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Science ⚗️ A new space race?

michaelskis

Cyburbian
Messages
20,814
Points
57
Between 1955 and 1975 there was a space race on who could go further for longer, mainly between the United States and the Soviet Union. They were the first with a maned operation into space, we were the first on the moon in response to President Kennedy's promise to put a man on the moon before the end of the decade. The competition brought about some of the best and brightest minds on the planet to do what had never been done before.

However, are we going into a new space race, but this time instead of governments competing against each other, it is corporations? Elon Musk and the Space X program has been around for a while now and has shown that they can do it better for cheaper than NASA. Richard Branson's Virgin Galactic has been a around for a little bit, but hasn't really opened it's doors to the public yet. Their goal is to capitalize on space travel for the masses. But now Jeff Bazos and his Blue Origin has gotten into the mix. There is also active planning to Colonize Mars by the Mars One group and with efforts by Elon Musk to make that happen.

What are your thoughts on all of this. 75 years ago, you needed to be a NASA approved astronaut to go into space. But in the next decade, you might be able to buy a ticket to go into space, and in the next 25, you might be able to travel to mars for vacation.
 

ExRocketSci

Cyburbian
Messages
33
Points
2
Between 1955 and 1975 there was a space race on who could go further for longer, mainly between the United States and the Soviet Union. They were the first with a maned operation into space, we were the first on the moon in response to President Kennedy's promise to put a man on the moon before the end of the decade. The competition brought about some of the best and brightest minds on the planet to do what had never been done before.

However, are we going into a new space race, but this time instead of governments competing against each other, it is corporations? Elon Musk and the Space X program has been around for a while now and has shown that they can do it better for cheaper than NASA. Richard Branson's Virgin Galactic has been a around for a little bit, but hasn't really opened it's doors to the public yet. Their goal is to capitalize on space travel for the masses. But now Jeff Bazos and his Blue Origin has gotten into the mix. There is also active planning to Colonize Mars by the Mars One group and with efforts by Elon Musk to make that happen.

What are your thoughts on all of this. 75 years ago, you needed to be a NASA approved astronaut to go into space. But in the next decade, you might be able to buy a ticket to go into space, and in the next 25, you might be able to travel to mars for vacation.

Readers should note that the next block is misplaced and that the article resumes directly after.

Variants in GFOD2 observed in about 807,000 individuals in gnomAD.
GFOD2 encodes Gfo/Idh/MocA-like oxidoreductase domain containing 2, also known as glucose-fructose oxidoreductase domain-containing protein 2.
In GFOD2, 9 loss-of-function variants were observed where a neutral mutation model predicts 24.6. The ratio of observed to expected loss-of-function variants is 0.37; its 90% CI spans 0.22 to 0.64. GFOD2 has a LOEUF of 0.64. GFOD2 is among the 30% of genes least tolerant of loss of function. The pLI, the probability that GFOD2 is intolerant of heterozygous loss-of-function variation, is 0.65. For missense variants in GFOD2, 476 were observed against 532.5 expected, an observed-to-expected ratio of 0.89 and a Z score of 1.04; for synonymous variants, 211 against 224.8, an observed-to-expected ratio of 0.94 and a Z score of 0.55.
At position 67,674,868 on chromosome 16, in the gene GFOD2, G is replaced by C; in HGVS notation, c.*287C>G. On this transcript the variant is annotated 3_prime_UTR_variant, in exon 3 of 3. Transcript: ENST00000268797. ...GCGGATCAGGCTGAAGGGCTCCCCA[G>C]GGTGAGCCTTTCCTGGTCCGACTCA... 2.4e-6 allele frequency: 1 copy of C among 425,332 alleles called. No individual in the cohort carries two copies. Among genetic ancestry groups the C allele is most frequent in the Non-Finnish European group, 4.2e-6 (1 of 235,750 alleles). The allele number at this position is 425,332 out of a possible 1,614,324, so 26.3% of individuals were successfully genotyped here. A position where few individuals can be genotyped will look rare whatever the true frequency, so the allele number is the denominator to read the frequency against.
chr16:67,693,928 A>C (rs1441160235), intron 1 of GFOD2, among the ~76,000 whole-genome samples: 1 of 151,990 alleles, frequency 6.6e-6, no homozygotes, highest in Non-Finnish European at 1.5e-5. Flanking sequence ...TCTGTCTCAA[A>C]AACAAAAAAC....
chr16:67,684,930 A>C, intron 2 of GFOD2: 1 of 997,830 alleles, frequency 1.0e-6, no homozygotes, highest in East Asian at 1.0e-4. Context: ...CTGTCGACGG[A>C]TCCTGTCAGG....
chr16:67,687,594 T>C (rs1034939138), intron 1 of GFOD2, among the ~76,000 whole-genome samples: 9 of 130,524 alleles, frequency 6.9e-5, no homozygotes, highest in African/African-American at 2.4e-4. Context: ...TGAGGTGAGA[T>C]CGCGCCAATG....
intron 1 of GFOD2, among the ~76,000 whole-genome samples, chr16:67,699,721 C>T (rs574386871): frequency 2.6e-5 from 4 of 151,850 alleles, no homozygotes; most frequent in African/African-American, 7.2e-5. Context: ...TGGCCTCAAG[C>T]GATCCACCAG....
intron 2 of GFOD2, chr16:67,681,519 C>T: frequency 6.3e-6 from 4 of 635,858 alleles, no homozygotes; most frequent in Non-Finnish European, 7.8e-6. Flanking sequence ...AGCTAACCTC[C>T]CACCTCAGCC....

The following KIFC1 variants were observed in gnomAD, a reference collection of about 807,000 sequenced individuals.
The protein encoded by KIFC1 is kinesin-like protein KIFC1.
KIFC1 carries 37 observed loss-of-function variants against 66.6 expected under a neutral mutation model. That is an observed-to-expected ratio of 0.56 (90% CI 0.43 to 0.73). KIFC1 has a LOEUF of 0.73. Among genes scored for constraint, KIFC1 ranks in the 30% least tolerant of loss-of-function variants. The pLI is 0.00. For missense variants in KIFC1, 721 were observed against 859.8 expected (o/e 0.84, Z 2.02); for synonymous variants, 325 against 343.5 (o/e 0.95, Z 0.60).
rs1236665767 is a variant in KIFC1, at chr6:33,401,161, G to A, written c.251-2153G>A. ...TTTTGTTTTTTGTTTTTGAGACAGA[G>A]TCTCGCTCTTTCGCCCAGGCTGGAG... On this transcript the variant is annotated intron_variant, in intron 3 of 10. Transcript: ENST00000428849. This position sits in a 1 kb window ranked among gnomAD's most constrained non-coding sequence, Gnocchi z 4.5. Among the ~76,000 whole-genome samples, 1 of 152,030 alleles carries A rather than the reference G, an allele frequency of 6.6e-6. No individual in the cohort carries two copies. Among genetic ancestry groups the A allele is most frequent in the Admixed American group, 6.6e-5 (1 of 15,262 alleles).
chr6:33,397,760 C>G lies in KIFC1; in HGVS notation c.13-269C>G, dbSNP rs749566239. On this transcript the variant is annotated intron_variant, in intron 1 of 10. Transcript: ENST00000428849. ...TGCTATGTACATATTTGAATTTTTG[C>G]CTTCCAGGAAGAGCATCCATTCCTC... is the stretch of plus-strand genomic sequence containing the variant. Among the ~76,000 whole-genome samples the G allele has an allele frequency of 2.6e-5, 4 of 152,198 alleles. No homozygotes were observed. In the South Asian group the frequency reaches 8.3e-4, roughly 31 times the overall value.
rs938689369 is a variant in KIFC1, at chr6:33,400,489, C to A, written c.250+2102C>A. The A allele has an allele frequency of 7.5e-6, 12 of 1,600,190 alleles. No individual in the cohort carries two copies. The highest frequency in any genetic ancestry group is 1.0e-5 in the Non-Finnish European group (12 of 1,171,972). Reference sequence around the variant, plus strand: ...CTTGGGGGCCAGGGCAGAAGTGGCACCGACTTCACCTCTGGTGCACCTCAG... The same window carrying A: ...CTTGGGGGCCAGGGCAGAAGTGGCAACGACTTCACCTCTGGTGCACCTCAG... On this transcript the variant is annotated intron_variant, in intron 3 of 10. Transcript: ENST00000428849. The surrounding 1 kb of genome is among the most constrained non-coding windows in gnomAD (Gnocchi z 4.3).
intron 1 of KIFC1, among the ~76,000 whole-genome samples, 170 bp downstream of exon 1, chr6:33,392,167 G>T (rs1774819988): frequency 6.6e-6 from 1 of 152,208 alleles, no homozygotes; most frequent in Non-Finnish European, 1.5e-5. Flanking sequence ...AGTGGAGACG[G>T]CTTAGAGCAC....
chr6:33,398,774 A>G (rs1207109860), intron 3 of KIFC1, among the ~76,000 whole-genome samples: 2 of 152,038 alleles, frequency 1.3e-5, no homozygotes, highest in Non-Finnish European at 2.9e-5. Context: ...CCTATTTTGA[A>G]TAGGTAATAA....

I am not yet convinced that there is a viable economic model to support a profitable space business without massive government support, either in services provided (launch facilities, tracking and recovery, engineering assistance) or as a customer (flying government astronauts, government payloads, etc). SpaceX has managed to reduce the costs of launches through greater reusability of components (flyback boosters, etc), greater use of in-house manufacturing (mainly reduction of time in procurement and faster changes), improved pad and turnaround operations for faster launch processing, and having a highly motivated workforce (younger, but lower paid, overworked, longer hours, free yogurt). And, despite taking over the vast majority of space launches worldwide at this point, the launch business is not profitable, per several business news articles last year. SpaceX is pinning its profitability plans on its Starlink satellite system, which is planned to be publicly traded.

Right now the cost of a Falcon 9 launch is $62M. That's just the launch part, not the cost to build a new rocket or payload. Elon says he will bring the cost down, but that would still be $millions regardless. And that's just to get to earth orbit. There will not be a lot of paying passengers at that price.

Private companies have always been partners with NASA and the DoD since the beginning of the space program, and companies like SpaceX and Blue Origin just happen to be the "newer" kids on the block. But my opinion right now is that the private "space race" is only rich people playing out their fantasies, except its by building space ships instead of bigger yachts. That's not to say that some good hasn't come from it as far as technological developments, but it has been government expertise, government facilities, and government money which have built and supported these companies just to get where they are today. And don't forget that many of the customers of these companies are foreign countries, not US government but government nonetheless. For SpaceX, any human-rated lander development is only happening because NASA has the need, requirements, expertise, and money to pay SpaceX to do it.

edited in bold
 
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MD Planner

Cyburbian
Messages